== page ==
Ruth and I love The Palouse. This 4,000-square-mile area in the southeast part of Washington State, as I’ve mentioned in previous blogs, holds special memories for both of us. During this year’s visit, the wheat crop was being harvested. Most of this bountiful grain is shipped to Asia. Japan and Korea buy most of it. It’s harvested with huge combines that cling to hillsides without toppling. Ruth and I have ridden in them.
The Palouse in the summer looks like sand dunes covered with wheat fields. This year we found the perfect place to see The Palouse in all its majesty because we discovered Steptoe Butte.
There are 186 state parks in Washington. This is more than California has. There are 10,336 state parks in the United States, and Steptoe Butte is one of the more unusual ones. A 3,612-foot-tall quartzite island pyramid of only 150 acres, it’s surrounded by wheat farms on all sides. Over 400 million-years-old, Steptoe Butte can be seen up to 100 miles away on a clear day. It’s rather isolated but people with cameras love to be on its top at sunrise and sunset.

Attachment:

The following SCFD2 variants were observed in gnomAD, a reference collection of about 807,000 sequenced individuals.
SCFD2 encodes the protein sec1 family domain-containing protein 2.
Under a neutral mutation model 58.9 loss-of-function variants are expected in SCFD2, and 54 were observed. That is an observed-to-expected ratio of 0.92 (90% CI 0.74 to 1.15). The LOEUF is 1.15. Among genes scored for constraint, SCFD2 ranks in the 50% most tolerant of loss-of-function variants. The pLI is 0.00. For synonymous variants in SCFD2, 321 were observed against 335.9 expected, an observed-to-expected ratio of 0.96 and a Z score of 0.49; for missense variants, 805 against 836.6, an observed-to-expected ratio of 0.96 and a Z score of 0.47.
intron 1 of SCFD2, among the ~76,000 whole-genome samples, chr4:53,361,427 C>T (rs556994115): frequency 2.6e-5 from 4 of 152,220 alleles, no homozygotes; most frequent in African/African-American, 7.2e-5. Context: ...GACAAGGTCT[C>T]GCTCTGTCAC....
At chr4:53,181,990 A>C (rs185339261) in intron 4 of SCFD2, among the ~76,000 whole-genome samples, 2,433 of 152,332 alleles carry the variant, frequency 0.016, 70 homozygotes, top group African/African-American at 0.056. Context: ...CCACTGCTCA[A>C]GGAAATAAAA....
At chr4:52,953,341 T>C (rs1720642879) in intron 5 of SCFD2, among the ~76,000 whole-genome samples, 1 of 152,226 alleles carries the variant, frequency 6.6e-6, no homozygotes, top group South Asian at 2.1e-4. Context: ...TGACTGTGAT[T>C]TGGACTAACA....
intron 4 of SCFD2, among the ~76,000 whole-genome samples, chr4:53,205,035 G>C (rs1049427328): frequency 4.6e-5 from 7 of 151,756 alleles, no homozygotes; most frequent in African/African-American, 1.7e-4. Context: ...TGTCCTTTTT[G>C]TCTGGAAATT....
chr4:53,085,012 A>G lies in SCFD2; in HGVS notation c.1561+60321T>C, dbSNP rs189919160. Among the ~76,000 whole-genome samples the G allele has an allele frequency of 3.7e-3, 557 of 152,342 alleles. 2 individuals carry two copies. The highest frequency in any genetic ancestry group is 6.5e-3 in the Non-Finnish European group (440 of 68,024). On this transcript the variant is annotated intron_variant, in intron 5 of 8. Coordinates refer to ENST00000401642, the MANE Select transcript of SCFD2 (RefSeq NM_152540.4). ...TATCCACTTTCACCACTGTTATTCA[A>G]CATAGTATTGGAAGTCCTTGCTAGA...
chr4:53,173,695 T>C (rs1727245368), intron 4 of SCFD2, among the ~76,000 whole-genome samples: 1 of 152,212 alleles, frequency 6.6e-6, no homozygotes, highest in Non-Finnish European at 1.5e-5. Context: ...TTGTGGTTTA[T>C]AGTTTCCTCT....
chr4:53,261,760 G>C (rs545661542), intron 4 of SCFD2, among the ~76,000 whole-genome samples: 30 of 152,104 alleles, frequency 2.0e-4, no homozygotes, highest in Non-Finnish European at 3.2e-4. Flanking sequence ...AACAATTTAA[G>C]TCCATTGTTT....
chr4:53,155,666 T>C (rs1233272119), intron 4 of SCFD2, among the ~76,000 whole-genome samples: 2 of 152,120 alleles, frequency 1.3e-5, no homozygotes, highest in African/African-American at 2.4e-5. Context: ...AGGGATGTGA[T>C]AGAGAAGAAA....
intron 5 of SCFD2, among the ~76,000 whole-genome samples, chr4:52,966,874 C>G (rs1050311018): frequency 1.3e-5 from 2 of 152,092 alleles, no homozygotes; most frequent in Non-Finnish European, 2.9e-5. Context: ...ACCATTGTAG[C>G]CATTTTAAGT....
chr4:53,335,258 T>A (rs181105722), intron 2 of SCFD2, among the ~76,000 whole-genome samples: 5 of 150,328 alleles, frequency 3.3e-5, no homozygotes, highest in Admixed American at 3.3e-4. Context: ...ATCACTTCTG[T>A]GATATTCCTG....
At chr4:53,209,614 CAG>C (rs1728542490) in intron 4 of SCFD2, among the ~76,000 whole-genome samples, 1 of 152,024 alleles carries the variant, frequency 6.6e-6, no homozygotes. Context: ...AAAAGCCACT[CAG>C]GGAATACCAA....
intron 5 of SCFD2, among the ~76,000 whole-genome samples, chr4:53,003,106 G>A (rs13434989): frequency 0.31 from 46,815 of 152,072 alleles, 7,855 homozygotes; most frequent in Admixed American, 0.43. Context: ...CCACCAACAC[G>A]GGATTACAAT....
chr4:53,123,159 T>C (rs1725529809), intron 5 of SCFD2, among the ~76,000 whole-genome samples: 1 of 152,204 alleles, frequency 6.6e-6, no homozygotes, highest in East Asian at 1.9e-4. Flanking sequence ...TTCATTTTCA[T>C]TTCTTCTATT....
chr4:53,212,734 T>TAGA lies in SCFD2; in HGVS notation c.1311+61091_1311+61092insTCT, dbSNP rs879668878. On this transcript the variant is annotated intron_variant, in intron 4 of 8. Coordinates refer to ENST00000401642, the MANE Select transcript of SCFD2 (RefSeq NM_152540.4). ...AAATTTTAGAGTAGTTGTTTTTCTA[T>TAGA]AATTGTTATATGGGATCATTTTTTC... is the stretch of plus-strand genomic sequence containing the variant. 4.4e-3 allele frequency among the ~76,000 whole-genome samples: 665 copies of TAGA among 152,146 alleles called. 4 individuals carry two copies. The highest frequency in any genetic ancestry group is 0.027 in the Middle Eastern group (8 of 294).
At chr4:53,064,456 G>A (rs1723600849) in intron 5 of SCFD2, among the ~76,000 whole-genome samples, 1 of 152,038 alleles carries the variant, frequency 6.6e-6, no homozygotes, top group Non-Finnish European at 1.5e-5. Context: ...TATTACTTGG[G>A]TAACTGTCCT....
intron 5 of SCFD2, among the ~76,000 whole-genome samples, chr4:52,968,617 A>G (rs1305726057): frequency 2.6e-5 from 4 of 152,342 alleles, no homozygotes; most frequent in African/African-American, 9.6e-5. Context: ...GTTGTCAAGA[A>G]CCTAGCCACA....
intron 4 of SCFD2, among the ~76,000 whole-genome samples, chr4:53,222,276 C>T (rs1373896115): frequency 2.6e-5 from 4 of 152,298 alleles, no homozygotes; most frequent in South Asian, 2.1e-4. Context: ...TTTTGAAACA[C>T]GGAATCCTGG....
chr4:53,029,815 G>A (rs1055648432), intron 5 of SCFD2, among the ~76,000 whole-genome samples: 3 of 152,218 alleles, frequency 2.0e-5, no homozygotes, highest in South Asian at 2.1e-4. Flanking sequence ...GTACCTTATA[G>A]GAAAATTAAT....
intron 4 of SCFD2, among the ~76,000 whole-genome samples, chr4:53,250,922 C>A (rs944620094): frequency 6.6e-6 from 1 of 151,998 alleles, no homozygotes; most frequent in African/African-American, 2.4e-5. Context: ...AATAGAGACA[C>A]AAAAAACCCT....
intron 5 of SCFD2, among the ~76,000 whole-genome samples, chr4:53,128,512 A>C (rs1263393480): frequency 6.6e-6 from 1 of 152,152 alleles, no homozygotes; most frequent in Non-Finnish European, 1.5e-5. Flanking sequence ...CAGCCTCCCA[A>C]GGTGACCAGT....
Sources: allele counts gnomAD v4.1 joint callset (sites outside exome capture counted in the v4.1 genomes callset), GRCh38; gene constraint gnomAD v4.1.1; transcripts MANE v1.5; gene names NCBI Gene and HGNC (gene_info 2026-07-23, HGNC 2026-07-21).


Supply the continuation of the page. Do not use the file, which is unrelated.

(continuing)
Theories abound, but The Palouse is probably named for the Palus people, a native American tribe that met Lewis and Clark during their grand adventure. The Palus are listed among Native American Tribes and Nations as The Palouse but no current population numbers are given. They are said to be part of the Yakama nation now. The Palus were known to be expert horsemen, and the Appaloosa horse was reportedly named for them.
There’s a narrow road all the way to the top of Steptoe Butte. When we drove it last Sunday, we shared it with only 2 other cars. Established as a state park in 1946, there was a hotel atop Steptoe for 20 years until 1908. I was surprised to drive through a couple of modest forest areas about half-way to the summit. Palouse views were spectacular all the way up, and “Top of The Palouse” is a frequent and apt name for this butte.